Jordan and I saved up for a couple years to pay cash for the bathroom and started by writing down our must-haves. Of course, we started with a Pinterest board and ran from there. Our contractor started construction while we were on vacation since we didn't want to be living in it while the messy parts were going on. I believe it took around 3 months to complete since our contractor lived a couple hours away but we are in love with the outcome!

 Adding a room is always hard to photograph since you're making something out of nothing but in the photo below you can see the opposite wall to the one above.

The floating vanity was built by our friend and local craftsman, Jake Fowler. You may remember he also reupholstered our living room chairs.  The sconces are from Amazon ($37!) and I love the mixing of metals here.

We are still learning how to keep the glass on our shower clean but I think the trick is to squeegee the glass immediately after showering. At first, I loved the matte black penny tile but it has stained (shown in the photos) so I can't recommend it for a shower. We've tried so many ways to clean it up but have had no luck. Any tips?
I love the quality and look of the Delta Trinsic Line we used in the shower and sink faucet. We will probably use this in our small bathroom renovation in the future! The floor to ceiling subway tile is a nod to the kitchen tile to tie the home together. 

For the windows, we used a privacy spray paint and it's worked beautifully!

Originally, we planned to add a sliding door to separate the bathroom from our room but after living with it for a year and a half I actually like how the spaces are open to one another. Although we have the hardware, I think we will keep things open for now. I'm sure that isn't a popular decision but I like the suite feel it has.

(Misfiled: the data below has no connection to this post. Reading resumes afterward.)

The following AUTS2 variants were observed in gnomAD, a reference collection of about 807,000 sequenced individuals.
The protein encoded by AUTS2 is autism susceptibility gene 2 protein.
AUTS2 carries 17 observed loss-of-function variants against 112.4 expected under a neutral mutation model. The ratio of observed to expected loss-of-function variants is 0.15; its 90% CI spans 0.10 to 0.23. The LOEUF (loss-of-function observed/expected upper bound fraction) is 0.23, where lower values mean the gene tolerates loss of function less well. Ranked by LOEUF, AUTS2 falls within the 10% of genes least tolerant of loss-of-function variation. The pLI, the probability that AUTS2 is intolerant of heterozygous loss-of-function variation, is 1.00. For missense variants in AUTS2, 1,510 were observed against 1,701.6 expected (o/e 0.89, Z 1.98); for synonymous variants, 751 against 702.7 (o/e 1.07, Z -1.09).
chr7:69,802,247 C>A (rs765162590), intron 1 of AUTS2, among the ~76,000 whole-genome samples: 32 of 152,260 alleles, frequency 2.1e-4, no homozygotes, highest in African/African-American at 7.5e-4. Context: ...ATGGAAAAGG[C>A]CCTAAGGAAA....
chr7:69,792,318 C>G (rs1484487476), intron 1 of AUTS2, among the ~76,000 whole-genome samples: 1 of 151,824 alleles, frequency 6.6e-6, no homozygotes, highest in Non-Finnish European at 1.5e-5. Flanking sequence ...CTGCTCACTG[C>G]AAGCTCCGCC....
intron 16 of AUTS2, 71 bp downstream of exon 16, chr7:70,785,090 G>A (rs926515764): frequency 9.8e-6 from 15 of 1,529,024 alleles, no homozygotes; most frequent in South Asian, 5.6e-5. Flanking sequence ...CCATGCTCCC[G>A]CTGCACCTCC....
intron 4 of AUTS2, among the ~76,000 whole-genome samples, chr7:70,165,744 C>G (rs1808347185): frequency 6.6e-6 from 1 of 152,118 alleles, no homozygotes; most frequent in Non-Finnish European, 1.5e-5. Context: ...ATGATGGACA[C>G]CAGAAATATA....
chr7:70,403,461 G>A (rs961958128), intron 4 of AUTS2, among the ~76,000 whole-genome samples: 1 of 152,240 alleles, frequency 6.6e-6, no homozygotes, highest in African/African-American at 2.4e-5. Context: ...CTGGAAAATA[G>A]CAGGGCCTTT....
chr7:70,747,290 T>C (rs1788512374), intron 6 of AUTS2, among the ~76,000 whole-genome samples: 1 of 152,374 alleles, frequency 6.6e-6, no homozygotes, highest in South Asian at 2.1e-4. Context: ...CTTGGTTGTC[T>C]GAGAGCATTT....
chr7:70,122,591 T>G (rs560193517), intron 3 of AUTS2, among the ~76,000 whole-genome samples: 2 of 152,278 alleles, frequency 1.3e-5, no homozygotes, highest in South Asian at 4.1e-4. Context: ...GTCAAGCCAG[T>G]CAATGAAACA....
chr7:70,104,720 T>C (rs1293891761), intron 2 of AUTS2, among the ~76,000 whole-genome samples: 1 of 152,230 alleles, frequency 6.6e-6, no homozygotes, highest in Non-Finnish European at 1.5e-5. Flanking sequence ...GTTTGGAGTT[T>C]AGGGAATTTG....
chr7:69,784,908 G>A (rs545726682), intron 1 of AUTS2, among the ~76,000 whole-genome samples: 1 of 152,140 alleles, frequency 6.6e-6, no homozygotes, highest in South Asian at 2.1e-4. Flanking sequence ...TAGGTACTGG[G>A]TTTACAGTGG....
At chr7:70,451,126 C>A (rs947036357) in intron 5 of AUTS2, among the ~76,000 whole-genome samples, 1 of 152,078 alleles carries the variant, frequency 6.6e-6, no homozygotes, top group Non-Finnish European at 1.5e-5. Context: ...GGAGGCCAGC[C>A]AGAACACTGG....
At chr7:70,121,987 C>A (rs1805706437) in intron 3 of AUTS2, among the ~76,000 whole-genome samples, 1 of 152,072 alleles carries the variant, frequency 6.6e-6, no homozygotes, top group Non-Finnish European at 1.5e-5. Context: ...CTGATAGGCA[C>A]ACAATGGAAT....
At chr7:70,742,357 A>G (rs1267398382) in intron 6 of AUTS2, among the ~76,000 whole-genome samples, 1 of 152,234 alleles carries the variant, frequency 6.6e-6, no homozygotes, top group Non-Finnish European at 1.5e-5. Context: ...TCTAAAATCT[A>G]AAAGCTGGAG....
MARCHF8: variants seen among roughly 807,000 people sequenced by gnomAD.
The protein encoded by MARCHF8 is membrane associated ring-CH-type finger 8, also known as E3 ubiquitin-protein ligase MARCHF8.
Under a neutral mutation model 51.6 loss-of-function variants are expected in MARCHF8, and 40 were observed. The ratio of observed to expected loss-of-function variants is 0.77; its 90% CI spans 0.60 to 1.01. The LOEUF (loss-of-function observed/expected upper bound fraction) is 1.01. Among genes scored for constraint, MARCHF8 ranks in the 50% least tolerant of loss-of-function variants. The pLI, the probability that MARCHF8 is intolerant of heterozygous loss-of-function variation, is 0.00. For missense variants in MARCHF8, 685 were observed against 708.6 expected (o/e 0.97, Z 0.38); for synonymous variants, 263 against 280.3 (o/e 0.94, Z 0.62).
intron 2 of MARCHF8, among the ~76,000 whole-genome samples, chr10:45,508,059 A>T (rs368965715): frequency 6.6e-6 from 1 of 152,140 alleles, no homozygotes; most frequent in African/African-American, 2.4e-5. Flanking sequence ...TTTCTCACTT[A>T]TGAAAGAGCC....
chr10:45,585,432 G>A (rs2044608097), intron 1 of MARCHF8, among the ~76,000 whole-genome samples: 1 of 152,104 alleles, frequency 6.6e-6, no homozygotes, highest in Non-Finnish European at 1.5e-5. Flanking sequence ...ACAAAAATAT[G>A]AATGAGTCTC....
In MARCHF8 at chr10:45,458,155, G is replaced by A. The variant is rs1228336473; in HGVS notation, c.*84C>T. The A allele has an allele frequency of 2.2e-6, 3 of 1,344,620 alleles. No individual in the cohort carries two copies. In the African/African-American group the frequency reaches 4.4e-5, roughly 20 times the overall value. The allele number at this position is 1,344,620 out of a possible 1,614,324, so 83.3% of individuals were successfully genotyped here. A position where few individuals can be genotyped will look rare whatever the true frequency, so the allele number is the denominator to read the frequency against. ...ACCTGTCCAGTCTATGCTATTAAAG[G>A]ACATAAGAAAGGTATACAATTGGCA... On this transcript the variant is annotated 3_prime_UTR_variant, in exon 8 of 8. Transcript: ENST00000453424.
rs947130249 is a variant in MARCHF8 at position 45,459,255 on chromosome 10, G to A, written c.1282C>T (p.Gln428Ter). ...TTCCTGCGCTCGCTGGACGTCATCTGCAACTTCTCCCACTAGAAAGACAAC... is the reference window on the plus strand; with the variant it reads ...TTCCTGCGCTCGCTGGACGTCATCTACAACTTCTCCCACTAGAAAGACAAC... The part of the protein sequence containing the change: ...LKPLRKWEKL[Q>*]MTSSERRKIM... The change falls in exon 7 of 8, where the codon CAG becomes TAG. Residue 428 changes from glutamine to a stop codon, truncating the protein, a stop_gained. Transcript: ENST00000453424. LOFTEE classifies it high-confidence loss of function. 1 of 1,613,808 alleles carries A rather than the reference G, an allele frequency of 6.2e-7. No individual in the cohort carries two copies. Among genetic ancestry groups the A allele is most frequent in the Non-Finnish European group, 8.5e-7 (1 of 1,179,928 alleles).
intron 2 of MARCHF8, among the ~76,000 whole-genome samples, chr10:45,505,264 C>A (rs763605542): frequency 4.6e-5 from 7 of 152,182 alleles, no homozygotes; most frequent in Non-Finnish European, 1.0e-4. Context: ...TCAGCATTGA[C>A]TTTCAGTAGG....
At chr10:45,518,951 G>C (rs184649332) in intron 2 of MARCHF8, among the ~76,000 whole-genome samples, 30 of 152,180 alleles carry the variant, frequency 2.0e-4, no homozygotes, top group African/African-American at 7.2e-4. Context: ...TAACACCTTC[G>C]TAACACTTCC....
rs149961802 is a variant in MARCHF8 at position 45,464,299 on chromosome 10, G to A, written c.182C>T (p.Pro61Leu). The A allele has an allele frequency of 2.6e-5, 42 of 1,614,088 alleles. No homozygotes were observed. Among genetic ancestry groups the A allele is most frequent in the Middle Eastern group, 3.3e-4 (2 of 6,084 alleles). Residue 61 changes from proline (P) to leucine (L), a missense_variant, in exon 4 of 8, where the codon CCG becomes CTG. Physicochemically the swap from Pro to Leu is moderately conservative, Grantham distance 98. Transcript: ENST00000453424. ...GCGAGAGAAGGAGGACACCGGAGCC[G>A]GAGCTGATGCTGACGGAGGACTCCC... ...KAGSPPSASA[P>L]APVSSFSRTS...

I think what I've learned from this is to live with your home. Add and take away things that aren't fitting quite right. I've had different mirrors and rugs in here and ultimately took them away to allow breathing space. That's my favorite thing about decorating and renovating, always changing things to fit your family's needs and lifestyle. 

Overall, we love our bathroom and I learned a lot going through my first big renovation. On to the next bathroom reno!



10.22.2018

Silobration 2018: Prep work & Building a booth!

This past weekend my business, Shop Always Rooney, had the huge opportunity to be a vendor at the Magnolia Silobration. I've never done anything like it before so going into it I was a little intimidated on how everything worked. Of course when we arrived, the team and all the other vendors were extremely welcoming and helpful and made us newbies feel like family.

When prepping for the vendor fair, I had SO many questions and I feel like it is something people are not transparent about online. I thankfully had so many friends and family helping me out that made me feel prepared but I know someone may come across this that feels as I did in the beginning: overwhelmed and intimidated.